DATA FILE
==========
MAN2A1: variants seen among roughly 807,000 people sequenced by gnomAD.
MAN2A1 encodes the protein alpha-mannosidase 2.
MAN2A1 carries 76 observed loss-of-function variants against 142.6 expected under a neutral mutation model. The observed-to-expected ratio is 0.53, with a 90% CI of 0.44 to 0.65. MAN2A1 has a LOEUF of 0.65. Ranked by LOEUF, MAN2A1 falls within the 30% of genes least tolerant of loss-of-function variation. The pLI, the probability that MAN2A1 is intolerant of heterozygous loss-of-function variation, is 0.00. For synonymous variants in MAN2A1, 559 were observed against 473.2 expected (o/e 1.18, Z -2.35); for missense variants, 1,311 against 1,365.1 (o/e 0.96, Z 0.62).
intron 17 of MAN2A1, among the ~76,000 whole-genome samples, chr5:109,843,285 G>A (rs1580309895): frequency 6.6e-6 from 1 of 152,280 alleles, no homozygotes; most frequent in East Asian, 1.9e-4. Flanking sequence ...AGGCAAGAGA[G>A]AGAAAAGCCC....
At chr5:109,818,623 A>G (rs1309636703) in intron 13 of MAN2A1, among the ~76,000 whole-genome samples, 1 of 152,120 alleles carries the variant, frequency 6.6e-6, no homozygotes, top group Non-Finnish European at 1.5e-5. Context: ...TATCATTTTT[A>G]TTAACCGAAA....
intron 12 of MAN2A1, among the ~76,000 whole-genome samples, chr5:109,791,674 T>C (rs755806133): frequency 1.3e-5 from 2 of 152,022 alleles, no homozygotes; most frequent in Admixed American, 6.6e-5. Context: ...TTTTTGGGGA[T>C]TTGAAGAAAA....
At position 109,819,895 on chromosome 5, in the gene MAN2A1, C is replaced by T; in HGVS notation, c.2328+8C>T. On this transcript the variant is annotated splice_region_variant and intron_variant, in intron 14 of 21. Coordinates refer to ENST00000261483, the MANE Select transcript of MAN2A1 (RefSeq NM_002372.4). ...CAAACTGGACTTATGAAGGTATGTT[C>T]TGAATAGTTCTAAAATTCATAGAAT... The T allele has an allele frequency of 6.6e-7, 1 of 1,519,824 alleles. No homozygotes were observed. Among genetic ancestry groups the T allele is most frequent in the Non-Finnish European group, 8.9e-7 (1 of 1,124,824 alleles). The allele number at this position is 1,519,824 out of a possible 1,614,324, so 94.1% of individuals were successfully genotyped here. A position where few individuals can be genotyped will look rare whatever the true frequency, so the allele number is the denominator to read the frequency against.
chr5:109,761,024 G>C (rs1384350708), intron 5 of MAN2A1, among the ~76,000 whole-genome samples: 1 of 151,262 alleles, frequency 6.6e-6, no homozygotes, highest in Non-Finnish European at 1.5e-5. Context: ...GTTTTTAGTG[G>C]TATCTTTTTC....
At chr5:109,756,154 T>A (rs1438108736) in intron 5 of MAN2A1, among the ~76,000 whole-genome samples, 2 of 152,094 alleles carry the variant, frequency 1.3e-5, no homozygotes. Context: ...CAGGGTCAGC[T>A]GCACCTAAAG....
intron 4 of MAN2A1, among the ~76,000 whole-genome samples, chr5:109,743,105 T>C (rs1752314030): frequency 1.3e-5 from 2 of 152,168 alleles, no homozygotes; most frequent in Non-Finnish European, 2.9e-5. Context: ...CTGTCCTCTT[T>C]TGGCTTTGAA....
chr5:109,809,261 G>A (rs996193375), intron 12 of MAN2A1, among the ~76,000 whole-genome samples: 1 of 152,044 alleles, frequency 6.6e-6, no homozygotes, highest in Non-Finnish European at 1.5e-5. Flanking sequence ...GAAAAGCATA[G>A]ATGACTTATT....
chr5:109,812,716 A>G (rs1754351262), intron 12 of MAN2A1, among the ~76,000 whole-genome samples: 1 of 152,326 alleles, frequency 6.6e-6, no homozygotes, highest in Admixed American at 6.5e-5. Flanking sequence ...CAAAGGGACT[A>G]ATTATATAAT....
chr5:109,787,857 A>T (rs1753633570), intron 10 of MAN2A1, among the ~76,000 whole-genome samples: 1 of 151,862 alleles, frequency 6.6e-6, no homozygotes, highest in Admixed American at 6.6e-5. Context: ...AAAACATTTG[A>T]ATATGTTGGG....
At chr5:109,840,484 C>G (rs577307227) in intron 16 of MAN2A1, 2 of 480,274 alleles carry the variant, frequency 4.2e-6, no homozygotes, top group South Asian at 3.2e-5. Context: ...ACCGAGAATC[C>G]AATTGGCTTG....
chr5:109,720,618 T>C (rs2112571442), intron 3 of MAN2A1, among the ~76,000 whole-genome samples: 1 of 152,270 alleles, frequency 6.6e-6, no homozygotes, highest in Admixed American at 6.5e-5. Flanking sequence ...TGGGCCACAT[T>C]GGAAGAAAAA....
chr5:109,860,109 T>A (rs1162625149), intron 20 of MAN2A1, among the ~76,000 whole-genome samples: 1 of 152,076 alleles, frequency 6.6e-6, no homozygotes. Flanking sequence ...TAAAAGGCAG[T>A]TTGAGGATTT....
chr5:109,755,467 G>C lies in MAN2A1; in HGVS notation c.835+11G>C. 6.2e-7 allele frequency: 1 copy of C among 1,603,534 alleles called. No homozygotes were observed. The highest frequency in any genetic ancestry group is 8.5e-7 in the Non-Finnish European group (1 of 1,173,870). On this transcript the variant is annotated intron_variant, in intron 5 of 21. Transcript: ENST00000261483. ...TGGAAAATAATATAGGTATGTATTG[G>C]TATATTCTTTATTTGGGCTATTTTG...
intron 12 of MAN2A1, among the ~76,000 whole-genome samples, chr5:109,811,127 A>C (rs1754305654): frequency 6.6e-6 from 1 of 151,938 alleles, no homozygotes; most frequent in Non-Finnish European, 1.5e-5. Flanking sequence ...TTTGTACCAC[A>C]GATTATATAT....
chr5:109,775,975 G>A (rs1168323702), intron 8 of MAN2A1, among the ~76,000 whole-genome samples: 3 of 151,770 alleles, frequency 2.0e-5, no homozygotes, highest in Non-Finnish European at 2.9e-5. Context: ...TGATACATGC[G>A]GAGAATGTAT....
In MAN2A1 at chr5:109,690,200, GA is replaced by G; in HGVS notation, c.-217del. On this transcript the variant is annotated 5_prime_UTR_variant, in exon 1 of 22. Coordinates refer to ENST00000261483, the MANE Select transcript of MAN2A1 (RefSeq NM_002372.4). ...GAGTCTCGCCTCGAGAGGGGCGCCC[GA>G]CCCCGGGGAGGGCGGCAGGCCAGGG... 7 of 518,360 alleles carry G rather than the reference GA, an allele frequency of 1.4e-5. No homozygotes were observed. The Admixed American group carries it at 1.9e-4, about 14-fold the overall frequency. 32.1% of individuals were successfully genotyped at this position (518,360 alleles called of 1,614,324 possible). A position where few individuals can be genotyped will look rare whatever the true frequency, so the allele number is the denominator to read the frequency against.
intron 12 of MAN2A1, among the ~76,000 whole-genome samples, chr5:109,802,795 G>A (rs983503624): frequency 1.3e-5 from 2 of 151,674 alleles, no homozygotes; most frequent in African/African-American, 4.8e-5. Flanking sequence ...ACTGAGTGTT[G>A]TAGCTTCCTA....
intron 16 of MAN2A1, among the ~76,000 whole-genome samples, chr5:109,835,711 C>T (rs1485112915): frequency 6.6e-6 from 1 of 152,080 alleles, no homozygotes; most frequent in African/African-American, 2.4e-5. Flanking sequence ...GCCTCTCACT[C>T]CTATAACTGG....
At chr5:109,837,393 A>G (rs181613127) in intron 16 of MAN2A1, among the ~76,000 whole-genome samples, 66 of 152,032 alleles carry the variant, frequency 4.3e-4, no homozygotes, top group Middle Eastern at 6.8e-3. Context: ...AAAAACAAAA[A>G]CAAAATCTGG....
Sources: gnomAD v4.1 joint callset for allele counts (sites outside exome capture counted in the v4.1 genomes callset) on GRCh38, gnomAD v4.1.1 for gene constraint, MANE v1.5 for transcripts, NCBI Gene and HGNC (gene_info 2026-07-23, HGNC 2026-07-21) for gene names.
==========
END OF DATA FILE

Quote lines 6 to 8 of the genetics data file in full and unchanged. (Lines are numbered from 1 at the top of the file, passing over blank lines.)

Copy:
intron 12 of MAN2A1, among the ~76,000 whole-genome samples, chr5:109,791,674 T>C (rs755806133): frequency 1.3e-5 from 2 of 152,022 alleles, no homozygotes; most frequent in Admixed American, 6.6e-5. Context: ...TTTTTGGGGA[T>C]TTGAAGAAAA....
At position 109,819,895 on chromosome 5, in the gene MAN2A1, C is replaced by T; in HGVS notation, c.2328+8C>T. On this transcript the variant is annotated splice_region_variant and intron_variant, in intron 14 of 21. Coordinates refer to ENST00000261483, the MANE Select transcript of MAN2A1 (RefSeq NM_002372.4). ...CAAACTGGACTTATGAAGGTATGTT[C>T]TGAATAGTTCTAAAATTCATAGAAT... The T allele has an allele frequency of 6.6e-7, 1 of 1,519,824 alleles. No homozygotes were observed. Among genetic ancestry groups the T allele is most frequent in the Non-Finnish European group, 8.9e-7 (1 of 1,124,824 alleles). The allele number at this position is 1,519,824 out of a possible 1,614,324, so 94.1% of individuals were successfully genotyped here. A position where few individuals can be genotyped will look rare whatever the true frequency, so the allele number is the denominator to read the frequency against.
chr5:109,761,024 G>C (rs1384350708), intron 5 of MAN2A1, among the ~76,000 whole-genome samples: 1 of 151,262 alleles, frequency 6.6e-6, no homozygotes, highest in Non-Finnish European at 1.5e-5. Context: ...GTTTTTAGTG[G>C]TATCTTTTTC....